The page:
MERCER COUNTY —
Whoosh! Crack! Bzzzz!
The 2013 Spring Thunderstorm Season is officially on. The competition for the mightiest wind of the year began with a storm that downed hundreds of trees and knocked out power to about 8,500 Mercer Countians.
Earlier in the day, there were afternoon reports of hail that whitened yards in Hermitage with ice crystals about the size of nickels and dimes.
With perhaps its most dramatic work, the storm took part of the roof off Sharon Coatings, an industrial plant on Sharpsville Avenue in Sharon. Just up the East Hill at Buhl Farm park where Sharon, Hermitage and Sharpsville come together, a score of trees were toppled by wind.
“It was like a funnel taking the shingles off our attached garage,” Hazen Road residents Debbie Uberti. “It sounded really bad.”
The street was closed between Forker Boulevard/Mercer Street and North Buhl Farm Drive because of downed trees, including a massive oak in Dave DeForest’s yard that ended up blocking the road.
Workers from Penn West Tree Service spent about an hour clearing the road.
“It was a straight line wind. It lasted a good 45 seconds to a minute,” Hazen Road resident Bill Shea said.
Shea watched the storm from his porch and saw DeForest’s tree come down.
“I heard the popping and the crashing,” Shea said.
Hermitage Fire Chief Robert Goeltz and Sharon Chief Terry Whalen both were busy responding to calls throughout the Shenango Valley.
“Trees are down all over the place,” Whalen said at the scene of a tree down on wires and a car on Hall Avenue.
“It was like a cloudburst or something,” Euclid Avenue resident Greg Shrump said while watching neighbors chop up a downed tree in Sharon.
“It was just a really strong wind that came all of a sudden,” Shrump said.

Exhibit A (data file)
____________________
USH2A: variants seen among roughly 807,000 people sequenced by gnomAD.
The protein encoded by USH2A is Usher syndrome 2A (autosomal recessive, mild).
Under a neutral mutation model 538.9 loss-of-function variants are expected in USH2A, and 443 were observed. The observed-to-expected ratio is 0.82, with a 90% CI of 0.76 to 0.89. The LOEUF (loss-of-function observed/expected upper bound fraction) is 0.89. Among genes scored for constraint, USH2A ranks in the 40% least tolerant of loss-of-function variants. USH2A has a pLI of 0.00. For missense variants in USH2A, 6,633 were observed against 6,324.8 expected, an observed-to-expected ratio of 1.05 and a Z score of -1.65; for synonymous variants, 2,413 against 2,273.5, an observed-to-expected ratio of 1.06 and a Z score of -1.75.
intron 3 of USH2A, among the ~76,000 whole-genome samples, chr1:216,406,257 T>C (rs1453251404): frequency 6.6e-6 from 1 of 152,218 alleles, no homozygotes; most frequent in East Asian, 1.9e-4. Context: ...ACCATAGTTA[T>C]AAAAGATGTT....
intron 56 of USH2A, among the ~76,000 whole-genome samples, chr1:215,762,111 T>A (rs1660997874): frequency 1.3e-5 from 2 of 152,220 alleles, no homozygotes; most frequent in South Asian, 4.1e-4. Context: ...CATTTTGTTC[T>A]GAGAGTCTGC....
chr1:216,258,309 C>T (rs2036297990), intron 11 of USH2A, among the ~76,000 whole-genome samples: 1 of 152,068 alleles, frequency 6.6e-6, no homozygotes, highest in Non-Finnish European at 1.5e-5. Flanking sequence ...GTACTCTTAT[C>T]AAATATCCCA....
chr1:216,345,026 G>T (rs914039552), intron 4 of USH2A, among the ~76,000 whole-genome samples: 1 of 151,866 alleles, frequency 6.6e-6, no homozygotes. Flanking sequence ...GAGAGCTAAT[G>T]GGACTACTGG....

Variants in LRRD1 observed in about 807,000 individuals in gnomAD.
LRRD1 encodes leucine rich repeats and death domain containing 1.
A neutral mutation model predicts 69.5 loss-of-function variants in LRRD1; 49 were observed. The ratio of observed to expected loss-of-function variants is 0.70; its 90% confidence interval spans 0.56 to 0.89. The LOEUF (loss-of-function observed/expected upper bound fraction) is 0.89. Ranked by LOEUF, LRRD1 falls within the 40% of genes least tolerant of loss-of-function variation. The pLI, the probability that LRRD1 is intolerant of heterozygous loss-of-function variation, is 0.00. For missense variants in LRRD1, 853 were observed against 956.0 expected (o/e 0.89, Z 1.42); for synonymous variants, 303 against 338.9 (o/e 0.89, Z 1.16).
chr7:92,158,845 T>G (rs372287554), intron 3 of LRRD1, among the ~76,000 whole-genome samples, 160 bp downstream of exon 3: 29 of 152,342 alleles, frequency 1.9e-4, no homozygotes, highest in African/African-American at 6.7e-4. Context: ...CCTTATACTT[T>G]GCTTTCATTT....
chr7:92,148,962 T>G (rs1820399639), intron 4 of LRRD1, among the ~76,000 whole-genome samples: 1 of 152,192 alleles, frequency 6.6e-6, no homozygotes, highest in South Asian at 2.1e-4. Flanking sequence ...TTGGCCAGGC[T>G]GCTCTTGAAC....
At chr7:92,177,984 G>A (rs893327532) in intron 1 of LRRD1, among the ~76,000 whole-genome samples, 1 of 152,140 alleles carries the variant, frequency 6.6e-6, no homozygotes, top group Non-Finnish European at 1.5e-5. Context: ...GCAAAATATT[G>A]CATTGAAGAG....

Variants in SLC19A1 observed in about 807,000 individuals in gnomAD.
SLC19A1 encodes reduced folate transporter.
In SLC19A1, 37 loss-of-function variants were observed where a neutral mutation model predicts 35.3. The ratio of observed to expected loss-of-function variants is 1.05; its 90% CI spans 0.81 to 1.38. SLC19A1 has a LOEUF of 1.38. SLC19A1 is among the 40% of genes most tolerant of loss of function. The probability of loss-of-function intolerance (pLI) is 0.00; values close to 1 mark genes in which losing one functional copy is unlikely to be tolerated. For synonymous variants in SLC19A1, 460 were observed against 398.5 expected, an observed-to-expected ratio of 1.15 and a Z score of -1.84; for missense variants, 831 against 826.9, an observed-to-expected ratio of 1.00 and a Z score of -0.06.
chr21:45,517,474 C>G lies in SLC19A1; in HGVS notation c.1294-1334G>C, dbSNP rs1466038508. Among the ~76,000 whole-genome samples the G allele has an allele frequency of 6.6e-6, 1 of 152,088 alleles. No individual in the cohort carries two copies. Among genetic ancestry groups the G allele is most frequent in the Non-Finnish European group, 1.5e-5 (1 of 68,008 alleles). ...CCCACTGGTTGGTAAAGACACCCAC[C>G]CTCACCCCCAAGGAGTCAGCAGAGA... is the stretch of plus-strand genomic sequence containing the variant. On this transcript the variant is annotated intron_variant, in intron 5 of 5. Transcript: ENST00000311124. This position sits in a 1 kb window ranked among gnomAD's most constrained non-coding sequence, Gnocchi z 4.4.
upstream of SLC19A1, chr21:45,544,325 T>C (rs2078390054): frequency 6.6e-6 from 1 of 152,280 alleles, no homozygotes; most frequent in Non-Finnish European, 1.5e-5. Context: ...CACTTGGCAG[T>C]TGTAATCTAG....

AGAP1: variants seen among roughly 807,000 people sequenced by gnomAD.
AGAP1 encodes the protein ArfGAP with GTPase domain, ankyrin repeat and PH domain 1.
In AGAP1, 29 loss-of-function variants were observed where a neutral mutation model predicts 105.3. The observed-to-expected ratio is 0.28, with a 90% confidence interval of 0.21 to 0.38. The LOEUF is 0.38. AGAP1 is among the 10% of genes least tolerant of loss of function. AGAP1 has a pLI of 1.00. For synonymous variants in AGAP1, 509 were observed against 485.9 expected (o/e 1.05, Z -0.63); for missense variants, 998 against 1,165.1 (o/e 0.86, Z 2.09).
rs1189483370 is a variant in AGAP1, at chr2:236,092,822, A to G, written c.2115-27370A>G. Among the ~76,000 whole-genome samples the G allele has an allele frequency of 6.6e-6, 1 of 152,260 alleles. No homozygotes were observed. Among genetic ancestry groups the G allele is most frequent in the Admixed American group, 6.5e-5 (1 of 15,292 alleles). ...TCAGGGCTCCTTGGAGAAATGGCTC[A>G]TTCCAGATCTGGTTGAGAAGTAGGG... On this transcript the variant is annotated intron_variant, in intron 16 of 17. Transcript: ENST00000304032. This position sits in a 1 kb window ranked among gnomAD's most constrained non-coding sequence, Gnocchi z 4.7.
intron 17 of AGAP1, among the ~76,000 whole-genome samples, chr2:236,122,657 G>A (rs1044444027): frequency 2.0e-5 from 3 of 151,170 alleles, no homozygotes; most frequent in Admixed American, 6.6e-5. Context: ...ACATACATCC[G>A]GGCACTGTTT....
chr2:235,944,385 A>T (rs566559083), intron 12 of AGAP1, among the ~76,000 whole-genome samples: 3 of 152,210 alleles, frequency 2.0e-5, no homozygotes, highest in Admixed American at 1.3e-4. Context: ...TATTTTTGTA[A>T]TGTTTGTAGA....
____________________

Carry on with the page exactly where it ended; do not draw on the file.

Around the corner, Brad Thompson marveled how the storm sheared off a 60-foot blue spruce in his back yard on Norris Street.
The tree narrowly missed two cars parked in the driveway and its top landed in his back yard.
“It was all wind. Sheer wind,” Thompson said.
Matthew Kramer, a meteorologist for the National Weather Service in Pittsburgh, said the storms were “relatively organized” and produced a broad swath of high wind, which he said was at least 70 mph.
“It’s awful tough to tell (how fast the wind was) without (seeing) the scope and nature of the damage,” Kramer said.
“We’ll be looking into it (today),” he said.
The storm was fueled by a “very strong” upper level disturbance over the Southern Plains that collided with cold air aloft here.
“The instability led to thunderstorms,” Kramer said.
It caused the weather service’s phone to ring “off the hook,” he said.
New this season is a line for storm reports the NWS is touting with its warning. That number is 412-282-1988 and the line was busy much of Wednesday night.
The storm knocked out power to about 8,500 customers, Penn Power Area Manager Chuck Jackson said.
Crews were expected to work through Wednesday night, Jackson said.
The outages were scattered, ranging from pockets affected by downed trees, to areas affected by four substations that were off-line early Wednesday night.
Power should be restored by the time you read this, Jackson said.